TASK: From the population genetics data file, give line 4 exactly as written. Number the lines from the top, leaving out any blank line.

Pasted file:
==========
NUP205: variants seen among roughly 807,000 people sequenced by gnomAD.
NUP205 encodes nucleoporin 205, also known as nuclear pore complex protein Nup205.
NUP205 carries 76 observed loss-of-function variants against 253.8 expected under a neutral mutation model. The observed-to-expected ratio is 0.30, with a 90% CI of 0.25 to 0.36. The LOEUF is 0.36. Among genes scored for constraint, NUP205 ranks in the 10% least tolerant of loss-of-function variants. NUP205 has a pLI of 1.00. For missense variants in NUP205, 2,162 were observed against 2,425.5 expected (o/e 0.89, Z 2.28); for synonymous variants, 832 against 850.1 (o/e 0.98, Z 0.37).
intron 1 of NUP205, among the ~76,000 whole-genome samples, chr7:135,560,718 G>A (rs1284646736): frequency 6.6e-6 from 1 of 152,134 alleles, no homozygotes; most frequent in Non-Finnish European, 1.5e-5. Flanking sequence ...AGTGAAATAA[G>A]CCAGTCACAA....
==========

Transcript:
intron 1 of NUP205, among the ~76,000 whole-genome samples, chr7:135,560,718 G>A (rs1284646736): frequency 6.6e-6 from 1 of 152,134 alleles, no homozygotes; most frequent in Non-Finnish European, 1.5e-5. Flanking sequence ...AGTGAAATAA[G>A]CCAGTCACAA....